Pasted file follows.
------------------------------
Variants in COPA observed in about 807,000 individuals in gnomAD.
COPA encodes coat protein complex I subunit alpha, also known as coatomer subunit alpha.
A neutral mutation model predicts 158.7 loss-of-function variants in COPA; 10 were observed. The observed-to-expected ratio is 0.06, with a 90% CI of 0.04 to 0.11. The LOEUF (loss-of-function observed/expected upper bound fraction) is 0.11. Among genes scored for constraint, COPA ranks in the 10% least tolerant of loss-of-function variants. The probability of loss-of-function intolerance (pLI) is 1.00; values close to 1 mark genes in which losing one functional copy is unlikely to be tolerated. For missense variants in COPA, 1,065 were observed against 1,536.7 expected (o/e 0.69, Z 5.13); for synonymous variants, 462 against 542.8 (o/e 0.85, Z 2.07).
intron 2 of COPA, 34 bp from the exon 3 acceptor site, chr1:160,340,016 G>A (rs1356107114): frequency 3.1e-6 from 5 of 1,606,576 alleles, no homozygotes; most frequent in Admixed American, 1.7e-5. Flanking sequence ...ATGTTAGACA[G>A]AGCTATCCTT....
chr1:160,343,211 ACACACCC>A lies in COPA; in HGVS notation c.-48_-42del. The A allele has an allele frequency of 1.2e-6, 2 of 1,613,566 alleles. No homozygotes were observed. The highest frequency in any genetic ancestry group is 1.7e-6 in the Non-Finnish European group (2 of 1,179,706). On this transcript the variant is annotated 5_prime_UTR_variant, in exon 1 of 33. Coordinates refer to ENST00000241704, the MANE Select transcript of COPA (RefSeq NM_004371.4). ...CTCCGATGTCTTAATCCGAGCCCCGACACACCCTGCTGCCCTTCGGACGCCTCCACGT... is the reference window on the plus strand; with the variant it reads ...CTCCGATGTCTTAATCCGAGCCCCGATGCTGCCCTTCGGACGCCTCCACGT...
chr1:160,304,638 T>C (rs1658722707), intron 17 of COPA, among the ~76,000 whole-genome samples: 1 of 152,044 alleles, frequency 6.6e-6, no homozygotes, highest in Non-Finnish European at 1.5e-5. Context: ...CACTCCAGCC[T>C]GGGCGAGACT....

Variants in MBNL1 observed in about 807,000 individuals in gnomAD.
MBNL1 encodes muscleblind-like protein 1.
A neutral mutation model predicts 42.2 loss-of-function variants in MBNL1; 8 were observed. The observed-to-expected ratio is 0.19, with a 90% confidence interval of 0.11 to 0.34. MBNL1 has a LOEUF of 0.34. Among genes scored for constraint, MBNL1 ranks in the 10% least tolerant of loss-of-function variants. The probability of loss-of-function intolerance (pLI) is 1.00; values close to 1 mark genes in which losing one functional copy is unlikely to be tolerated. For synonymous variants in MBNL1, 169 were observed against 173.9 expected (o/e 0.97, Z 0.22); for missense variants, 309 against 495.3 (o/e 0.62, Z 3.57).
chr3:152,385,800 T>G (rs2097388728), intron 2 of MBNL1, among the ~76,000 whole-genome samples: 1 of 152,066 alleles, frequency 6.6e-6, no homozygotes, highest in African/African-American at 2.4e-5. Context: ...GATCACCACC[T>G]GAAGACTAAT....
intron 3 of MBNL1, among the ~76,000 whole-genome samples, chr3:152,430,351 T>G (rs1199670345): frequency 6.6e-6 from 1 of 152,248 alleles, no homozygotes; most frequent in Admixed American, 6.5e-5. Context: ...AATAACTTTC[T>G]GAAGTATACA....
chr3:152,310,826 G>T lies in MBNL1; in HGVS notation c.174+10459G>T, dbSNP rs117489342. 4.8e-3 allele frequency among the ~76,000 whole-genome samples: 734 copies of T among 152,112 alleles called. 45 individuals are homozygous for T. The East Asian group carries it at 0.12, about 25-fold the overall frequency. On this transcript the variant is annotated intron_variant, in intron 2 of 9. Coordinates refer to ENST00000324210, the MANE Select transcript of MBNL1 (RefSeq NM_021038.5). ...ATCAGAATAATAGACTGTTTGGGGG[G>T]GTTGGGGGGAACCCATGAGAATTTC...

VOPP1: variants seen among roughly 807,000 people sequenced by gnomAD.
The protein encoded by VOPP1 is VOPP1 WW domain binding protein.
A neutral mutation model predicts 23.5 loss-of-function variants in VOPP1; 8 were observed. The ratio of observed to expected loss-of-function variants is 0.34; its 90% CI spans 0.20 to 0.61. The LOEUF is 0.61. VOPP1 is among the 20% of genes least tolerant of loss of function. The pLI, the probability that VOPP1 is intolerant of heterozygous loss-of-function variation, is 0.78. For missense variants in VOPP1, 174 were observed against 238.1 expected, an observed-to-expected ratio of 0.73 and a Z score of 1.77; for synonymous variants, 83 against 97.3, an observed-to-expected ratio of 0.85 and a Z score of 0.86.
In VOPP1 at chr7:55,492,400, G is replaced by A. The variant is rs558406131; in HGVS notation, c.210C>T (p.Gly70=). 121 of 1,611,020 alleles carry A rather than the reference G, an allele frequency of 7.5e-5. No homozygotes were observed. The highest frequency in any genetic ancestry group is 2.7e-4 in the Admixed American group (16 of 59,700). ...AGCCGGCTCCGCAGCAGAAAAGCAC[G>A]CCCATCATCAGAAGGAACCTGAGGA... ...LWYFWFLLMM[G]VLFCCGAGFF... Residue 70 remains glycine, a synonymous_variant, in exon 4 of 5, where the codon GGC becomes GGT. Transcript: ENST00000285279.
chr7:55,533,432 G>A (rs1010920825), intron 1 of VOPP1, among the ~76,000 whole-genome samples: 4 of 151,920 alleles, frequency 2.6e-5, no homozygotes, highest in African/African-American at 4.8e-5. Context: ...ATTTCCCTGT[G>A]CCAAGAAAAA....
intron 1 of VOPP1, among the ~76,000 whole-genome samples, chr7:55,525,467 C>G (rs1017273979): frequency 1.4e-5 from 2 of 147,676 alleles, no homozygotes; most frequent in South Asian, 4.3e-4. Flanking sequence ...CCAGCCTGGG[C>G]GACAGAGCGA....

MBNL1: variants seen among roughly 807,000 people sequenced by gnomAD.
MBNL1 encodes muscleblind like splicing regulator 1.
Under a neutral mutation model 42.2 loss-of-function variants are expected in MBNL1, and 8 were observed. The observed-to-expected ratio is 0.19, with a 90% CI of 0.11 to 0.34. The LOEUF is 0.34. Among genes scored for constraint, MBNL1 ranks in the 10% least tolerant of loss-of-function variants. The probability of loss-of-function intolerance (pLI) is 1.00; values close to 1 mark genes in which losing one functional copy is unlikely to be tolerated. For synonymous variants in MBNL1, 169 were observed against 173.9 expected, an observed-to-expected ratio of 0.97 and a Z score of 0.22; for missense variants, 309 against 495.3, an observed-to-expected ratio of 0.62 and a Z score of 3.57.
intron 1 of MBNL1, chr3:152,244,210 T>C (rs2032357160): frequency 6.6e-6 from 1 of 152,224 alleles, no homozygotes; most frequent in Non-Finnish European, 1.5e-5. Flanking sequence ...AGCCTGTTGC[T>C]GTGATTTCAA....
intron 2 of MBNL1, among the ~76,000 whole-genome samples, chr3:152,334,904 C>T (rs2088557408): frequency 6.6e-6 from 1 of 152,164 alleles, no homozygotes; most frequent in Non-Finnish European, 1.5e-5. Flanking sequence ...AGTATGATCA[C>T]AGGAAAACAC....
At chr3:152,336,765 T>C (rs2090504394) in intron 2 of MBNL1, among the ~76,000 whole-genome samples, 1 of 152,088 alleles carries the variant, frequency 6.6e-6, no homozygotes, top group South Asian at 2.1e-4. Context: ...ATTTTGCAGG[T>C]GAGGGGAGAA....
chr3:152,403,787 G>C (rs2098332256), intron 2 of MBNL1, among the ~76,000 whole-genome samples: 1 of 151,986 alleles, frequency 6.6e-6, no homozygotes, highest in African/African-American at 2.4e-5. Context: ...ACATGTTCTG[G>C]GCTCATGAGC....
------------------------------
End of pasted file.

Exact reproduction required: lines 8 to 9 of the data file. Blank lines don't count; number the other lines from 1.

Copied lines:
MBNL1 encodes muscleblind-like protein 1.
A neutral mutation model predicts 42.2 loss-of-function variants in MBNL1; 8 were observed. The observed-to-expected ratio is 0.19, with a 90% confidence interval of 0.11 to 0.34. MBNL1 has a LOEUF of 0.34. Among genes scored for constraint, MBNL1 ranks in the 10% least tolerant of loss-of-function variants. The probability of loss-of-function intolerance (pLI) is 1.00; values close to 1 mark genes in which losing one functional copy is unlikely to be tolerated. For synonymous variants in MBNL1, 169 were observed against 173.9 expected (o/e 0.97, Z 0.22); for missense variants, 309 against 495.3 (o/e 0.62, Z 3.57).